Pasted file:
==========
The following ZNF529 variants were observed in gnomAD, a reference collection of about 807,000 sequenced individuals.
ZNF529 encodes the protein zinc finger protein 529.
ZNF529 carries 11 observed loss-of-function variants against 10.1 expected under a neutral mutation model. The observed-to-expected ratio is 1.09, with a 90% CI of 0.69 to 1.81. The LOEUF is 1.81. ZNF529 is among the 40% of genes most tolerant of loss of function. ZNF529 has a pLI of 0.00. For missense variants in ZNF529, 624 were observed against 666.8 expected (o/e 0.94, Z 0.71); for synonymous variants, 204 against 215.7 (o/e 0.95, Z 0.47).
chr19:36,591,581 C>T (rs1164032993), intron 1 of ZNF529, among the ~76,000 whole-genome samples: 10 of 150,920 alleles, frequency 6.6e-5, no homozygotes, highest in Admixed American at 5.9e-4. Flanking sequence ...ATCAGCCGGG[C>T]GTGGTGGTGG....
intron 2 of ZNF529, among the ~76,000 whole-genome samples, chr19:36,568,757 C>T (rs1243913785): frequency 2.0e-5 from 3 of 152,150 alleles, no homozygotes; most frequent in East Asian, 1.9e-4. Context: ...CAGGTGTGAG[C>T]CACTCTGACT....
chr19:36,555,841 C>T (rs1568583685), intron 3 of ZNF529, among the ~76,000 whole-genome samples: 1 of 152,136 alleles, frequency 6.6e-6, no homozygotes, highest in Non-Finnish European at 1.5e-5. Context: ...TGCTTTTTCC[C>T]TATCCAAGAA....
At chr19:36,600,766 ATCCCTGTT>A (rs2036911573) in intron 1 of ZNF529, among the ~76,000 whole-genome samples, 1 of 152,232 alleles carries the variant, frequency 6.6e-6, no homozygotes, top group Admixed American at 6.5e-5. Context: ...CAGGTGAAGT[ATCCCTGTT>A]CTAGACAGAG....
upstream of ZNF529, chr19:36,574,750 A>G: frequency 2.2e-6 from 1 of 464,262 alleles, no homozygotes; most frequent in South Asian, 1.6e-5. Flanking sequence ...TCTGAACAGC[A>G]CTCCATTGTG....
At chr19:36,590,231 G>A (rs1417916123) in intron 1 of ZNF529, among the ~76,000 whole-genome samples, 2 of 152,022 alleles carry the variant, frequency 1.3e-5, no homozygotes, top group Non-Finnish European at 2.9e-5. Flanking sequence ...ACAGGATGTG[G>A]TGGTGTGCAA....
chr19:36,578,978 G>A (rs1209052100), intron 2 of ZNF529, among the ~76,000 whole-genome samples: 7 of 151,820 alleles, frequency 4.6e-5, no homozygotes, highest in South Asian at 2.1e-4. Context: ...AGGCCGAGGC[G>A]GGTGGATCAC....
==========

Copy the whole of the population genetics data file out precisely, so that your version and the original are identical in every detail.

The following ZNF529 variants were observed in gnomAD, a reference collection of about 807,000 sequenced individuals.
ZNF529 encodes the protein zinc finger protein 529.
ZNF529 carries 11 observed loss-of-function variants against 10.1 expected under a neutral mutation model. The observed-to-expected ratio is 1.09, with a 90% CI of 0.69 to 1.81. The LOEUF is 1.81. ZNF529 is among the 40% of genes most tolerant of loss of function. ZNF529 has a pLI of 0.00. For missense variants in ZNF529, 624 were observed against 666.8 expected (o/e 0.94, Z 0.71); for synonymous variants, 204 against 215.7 (o/e 0.95, Z 0.47).
chr19:36,591,581 C>T (rs1164032993), intron 1 of ZNF529, among the ~76,000 whole-genome samples: 10 of 150,920 alleles, frequency 6.6e-5, no homozygotes, highest in Admixed American at 5.9e-4. Flanking sequence ...ATCAGCCGGG[C>T]GTGGTGGTGG....
intron 2 of ZNF529, among the ~76,000 whole-genome samples, chr19:36,568,757 C>T (rs1243913785): frequency 2.0e-5 from 3 of 152,150 alleles, no homozygotes; most frequent in East Asian, 1.9e-4. Context: ...CAGGTGTGAG[C>T]CACTCTGACT....
chr19:36,555,841 C>T (rs1568583685), intron 3 of ZNF529, among the ~76,000 whole-genome samples: 1 of 152,136 alleles, frequency 6.6e-6, no homozygotes, highest in Non-Finnish European at 1.5e-5. Context: ...TGCTTTTTCC[C>T]TATCCAAGAA....
At chr19:36,600,766 ATCCCTGTT>A (rs2036911573) in intron 1 of ZNF529, among the ~76,000 whole-genome samples, 1 of 152,232 alleles carries the variant, frequency 6.6e-6, no homozygotes, top group Admixed American at 6.5e-5. Context: ...CAGGTGAAGT[ATCCCTGTT>A]CTAGACAGAG....
upstream of ZNF529, chr19:36,574,750 A>G: frequency 2.2e-6 from 1 of 464,262 alleles, no homozygotes; most frequent in South Asian, 1.6e-5. Flanking sequence ...TCTGAACAGC[A>G]CTCCATTGTG....
At chr19:36,590,231 G>A (rs1417916123) in intron 1 of ZNF529, among the ~76,000 whole-genome samples, 2 of 152,022 alleles carry the variant, frequency 1.3e-5, no homozygotes, top group Non-Finnish European at 2.9e-5. Flanking sequence ...ACAGGATGTG[G>A]TGGTGTGCAA....
chr19:36,578,978 G>A (rs1209052100), intron 2 of ZNF529, among the ~76,000 whole-genome samples: 7 of 151,820 alleles, frequency 4.6e-5, no homozygotes, highest in South Asian at 2.1e-4. Context: ...AGGCCGAGGC[G>A]GGTGGATCAC....